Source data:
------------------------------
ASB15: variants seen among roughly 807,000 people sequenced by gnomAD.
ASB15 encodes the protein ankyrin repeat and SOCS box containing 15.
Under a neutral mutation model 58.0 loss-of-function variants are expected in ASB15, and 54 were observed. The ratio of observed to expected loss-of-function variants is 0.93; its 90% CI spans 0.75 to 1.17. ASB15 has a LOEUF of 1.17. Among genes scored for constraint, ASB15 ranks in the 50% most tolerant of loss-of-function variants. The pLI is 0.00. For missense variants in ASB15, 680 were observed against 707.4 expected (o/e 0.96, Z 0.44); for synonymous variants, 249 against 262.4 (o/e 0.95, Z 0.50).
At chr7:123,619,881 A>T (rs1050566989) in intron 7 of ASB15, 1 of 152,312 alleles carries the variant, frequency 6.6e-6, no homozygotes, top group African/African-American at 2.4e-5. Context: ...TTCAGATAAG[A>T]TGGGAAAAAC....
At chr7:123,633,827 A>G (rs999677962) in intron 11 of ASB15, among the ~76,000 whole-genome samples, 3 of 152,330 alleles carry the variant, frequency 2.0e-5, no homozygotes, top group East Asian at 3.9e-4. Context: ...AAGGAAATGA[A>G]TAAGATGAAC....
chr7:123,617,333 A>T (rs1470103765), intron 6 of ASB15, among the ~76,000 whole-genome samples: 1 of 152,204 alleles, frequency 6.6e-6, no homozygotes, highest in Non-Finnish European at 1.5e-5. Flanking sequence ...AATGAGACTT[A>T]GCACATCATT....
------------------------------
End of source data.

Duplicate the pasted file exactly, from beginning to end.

ASB15: variants seen among roughly 807,000 people sequenced by gnomAD.
ASB15 encodes the protein ankyrin repeat and SOCS box containing 15.
Under a neutral mutation model 58.0 loss-of-function variants are expected in ASB15, and 54 were observed. The ratio of observed to expected loss-of-function variants is 0.93; its 90% CI spans 0.75 to 1.17. ASB15 has a LOEUF of 1.17. Among genes scored for constraint, ASB15 ranks in the 50% most tolerant of loss-of-function variants. The pLI is 0.00. For missense variants in ASB15, 680 were observed against 707.4 expected (o/e 0.96, Z 0.44); for synonymous variants, 249 against 262.4 (o/e 0.95, Z 0.50).
At chr7:123,619,881 A>T (rs1050566989) in intron 7 of ASB15, 1 of 152,312 alleles carries the variant, frequency 6.6e-6, no homozygotes, top group African/African-American at 2.4e-5. Context: ...TTCAGATAAG[A>T]TGGGAAAAAC....
At chr7:123,633,827 A>G (rs999677962) in intron 11 of ASB15, among the ~76,000 whole-genome samples, 3 of 152,330 alleles carry the variant, frequency 2.0e-5, no homozygotes, top group East Asian at 3.9e-4. Context: ...AAGGAAATGA[A>G]TAAGATGAAC....
chr7:123,617,333 A>T (rs1470103765), intron 6 of ASB15, among the ~76,000 whole-genome samples: 1 of 152,204 alleles, frequency 6.6e-6, no homozygotes, highest in Non-Finnish European at 1.5e-5. Flanking sequence ...AATGAGACTT[A>T]GCACATCATT....